Episode #4: Taking risks to tackle human rights with Chris Harrop of Marshalls
02 October 2018
In this episode, I talk to Chris Harrop, the group marketing director and the head of sustainability for Marshalls plc.
In addition to those roles, Chris is chairman of Made in Britain, and was formerly chairman of the UN Global Compact UK network. He’s a non-executive director of the Ethical Trading Initiative. He was named as a Hero of Sustainability by Ethical Corporation in 2007, and a Business Game Changer by Business in the Community in 2012.
We talk about the dramatic pivotal moment when he knew he had to take a lead in tackling child labour in Indian sandstone – and the mistakes that he feels they made at the start in attempting to tackle that most difficult of issues. We discuss the incredible and creative ways Marshalls is now building sustainability into its products, and share some reflections on how to be influential and make a difference in your career.
I have counted Chris as a friend for many years, and I regard him as one of my personal heroes for the commitment he’s brought to tackling some of the most difficult issues a company can deal with. In the early days, he was leading the fight on child labour and it was by no means obvious that Marshalls would be able to survive in the marketplace with a product that was necessarily going to be a third more expensive than that of its competitors. It was a commercial risk, with no guarantees of success.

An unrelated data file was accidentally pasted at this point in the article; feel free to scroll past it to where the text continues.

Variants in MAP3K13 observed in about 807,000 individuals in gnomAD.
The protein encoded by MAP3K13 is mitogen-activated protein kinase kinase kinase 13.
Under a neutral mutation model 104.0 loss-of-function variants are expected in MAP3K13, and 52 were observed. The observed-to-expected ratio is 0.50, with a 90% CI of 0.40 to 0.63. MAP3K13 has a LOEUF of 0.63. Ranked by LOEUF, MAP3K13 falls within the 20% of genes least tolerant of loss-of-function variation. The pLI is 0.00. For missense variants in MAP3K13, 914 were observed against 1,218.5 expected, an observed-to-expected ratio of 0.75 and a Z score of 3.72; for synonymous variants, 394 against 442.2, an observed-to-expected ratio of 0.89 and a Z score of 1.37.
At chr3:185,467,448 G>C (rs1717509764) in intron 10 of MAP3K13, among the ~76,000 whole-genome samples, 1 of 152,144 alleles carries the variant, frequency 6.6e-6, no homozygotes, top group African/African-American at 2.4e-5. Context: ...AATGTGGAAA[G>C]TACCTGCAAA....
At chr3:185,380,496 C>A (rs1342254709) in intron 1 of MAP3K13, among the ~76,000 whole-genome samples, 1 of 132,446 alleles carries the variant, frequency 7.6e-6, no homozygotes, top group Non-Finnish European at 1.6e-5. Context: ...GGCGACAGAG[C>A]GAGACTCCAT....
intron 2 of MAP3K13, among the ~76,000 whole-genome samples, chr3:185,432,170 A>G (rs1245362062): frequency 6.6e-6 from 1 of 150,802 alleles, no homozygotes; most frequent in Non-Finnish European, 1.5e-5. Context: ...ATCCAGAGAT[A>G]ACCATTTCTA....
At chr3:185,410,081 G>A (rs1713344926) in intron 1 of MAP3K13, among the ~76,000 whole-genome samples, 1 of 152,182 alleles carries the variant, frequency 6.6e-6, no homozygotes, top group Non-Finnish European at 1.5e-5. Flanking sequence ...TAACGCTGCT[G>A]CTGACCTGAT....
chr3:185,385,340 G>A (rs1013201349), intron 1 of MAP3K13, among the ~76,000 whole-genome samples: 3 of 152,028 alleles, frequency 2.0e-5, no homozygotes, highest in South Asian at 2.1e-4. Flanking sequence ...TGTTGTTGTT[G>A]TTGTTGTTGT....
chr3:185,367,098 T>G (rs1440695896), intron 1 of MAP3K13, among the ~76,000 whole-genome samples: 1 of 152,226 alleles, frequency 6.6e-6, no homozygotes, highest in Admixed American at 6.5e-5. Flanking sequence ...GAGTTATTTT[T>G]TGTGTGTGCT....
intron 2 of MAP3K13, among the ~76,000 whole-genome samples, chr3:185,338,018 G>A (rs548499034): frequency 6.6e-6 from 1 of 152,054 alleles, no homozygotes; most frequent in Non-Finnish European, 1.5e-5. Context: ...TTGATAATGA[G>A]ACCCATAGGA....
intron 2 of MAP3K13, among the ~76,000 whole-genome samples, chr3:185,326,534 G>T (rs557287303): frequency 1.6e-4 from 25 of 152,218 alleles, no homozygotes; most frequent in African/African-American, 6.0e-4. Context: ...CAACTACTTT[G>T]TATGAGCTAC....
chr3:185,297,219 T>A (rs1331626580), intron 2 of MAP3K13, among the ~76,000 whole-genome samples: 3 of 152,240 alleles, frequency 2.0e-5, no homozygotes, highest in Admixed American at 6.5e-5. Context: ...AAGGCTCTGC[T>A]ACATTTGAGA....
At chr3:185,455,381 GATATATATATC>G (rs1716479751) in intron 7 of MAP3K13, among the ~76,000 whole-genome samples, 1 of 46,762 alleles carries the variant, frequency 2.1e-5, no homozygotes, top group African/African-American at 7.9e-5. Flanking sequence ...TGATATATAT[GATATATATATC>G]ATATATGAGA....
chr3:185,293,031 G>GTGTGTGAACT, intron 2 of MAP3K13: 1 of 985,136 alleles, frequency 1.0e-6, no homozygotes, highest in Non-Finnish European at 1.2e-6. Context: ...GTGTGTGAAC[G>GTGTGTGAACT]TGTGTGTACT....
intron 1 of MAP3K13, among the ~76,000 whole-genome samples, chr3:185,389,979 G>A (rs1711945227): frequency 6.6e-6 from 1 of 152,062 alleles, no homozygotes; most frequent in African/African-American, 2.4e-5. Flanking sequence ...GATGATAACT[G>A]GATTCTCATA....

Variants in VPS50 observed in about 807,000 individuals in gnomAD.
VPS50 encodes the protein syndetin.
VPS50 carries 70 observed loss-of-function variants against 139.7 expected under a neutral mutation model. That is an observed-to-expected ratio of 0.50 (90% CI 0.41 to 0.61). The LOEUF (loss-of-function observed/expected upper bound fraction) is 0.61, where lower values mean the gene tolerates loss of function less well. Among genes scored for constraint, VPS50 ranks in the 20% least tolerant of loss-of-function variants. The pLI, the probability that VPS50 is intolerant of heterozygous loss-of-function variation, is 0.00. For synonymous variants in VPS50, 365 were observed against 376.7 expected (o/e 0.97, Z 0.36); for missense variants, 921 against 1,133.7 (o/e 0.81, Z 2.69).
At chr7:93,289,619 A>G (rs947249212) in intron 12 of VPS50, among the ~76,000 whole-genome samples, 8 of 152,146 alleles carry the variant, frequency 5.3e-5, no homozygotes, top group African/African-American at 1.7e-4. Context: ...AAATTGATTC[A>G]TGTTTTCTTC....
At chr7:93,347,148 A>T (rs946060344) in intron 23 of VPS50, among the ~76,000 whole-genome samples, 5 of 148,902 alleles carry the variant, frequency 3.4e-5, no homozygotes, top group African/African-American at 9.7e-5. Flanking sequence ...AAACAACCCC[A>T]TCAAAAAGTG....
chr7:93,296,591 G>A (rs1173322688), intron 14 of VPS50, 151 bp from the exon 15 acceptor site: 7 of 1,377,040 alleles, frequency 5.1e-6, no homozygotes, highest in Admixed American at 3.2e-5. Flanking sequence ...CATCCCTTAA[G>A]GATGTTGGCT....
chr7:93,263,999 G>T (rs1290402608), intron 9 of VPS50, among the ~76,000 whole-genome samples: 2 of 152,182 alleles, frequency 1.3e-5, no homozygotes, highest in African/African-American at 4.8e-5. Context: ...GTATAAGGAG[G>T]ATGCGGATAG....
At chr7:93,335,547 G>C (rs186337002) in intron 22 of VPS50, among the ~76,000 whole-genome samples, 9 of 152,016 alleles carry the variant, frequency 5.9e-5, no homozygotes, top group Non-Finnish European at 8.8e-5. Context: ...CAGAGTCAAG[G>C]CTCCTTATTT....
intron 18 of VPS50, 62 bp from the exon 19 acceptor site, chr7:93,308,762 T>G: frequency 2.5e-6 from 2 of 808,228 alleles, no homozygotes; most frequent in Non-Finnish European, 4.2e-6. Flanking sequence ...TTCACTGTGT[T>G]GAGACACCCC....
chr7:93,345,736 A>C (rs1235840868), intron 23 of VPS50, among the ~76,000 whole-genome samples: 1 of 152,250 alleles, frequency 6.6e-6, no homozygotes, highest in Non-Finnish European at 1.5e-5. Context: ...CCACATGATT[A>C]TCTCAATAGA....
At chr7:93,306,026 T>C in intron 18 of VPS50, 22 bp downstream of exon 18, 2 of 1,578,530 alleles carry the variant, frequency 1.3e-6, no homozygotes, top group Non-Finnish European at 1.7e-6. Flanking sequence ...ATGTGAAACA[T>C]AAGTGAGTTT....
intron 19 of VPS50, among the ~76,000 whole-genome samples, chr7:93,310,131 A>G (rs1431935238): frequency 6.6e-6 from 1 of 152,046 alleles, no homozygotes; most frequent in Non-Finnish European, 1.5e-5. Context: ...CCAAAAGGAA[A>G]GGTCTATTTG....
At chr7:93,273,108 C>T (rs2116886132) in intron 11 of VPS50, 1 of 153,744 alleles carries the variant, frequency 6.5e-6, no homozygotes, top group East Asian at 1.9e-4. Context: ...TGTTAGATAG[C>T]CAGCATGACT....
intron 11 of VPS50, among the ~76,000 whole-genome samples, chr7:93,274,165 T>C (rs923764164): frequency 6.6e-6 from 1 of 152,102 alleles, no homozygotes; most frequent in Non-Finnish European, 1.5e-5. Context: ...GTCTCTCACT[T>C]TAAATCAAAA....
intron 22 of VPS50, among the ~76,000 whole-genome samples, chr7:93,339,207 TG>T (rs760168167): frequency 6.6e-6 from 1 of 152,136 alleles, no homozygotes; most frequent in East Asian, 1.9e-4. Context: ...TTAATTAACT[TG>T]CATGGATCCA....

Chris’s personal sense of purpose (2:18)
What did the world look like to the young Chris Harrop? (4:14)
Early influences – successful marketing based on truth (7:14)
What Chris learned from his time at Shell (8:32)
How things began to change when Chris joined Marshalls (10:40)
How the use of Indian sandstone raised questions about child labour (13:55)
Marshalls early attempts to fix the problems, and what was learned (17:15)
When the consequences of fixing the problem is increased costs to the business (20:28)
Where are they now, after the lessons have been learned? (22:03)
Do measures to improve supply chain integrity also help improve quality? (23:50)
How Fairstone was introduced to communicate the value of ethical stone to the customer (25:14)
How Marshalls built environmental and social concerns into its future-facing products (28:52)
Developing for customer needs that they don’t necessarily see yet (34:12)
The unusual position of being both head of marketing and sustainability (36:42)
How is the broader base of business changing in the face of sustainability and ethical challenges? (39:51)
Is Chris optimistic about the progress we’re making towards sustainability? (42:24)
There is always space for people to step in and make a difference, rather than waiting for government to do it for you (44:26)
The advice Chris would give to his younger self (46:47)
Who are some impressive change-makers, and why? (47:06)
Mistakes that have given lessons and led to positive outcomes (48:33)
Chris’s favourite book of all time (49:19)
What advice would you give to young would-be change-makers who are just starting out on the journey? (50:14)
Chris on Twitter https://twitter.com/marshalls_chris
Marshalls Sustainability https://www.marshalls.co.uk/sustainability
The Hitch-hiker’s Guide to the Galaxy https://amzn.to/2xPOIpJ
The UN Global Compact UK Network https://www.unglobalcompact.org.uk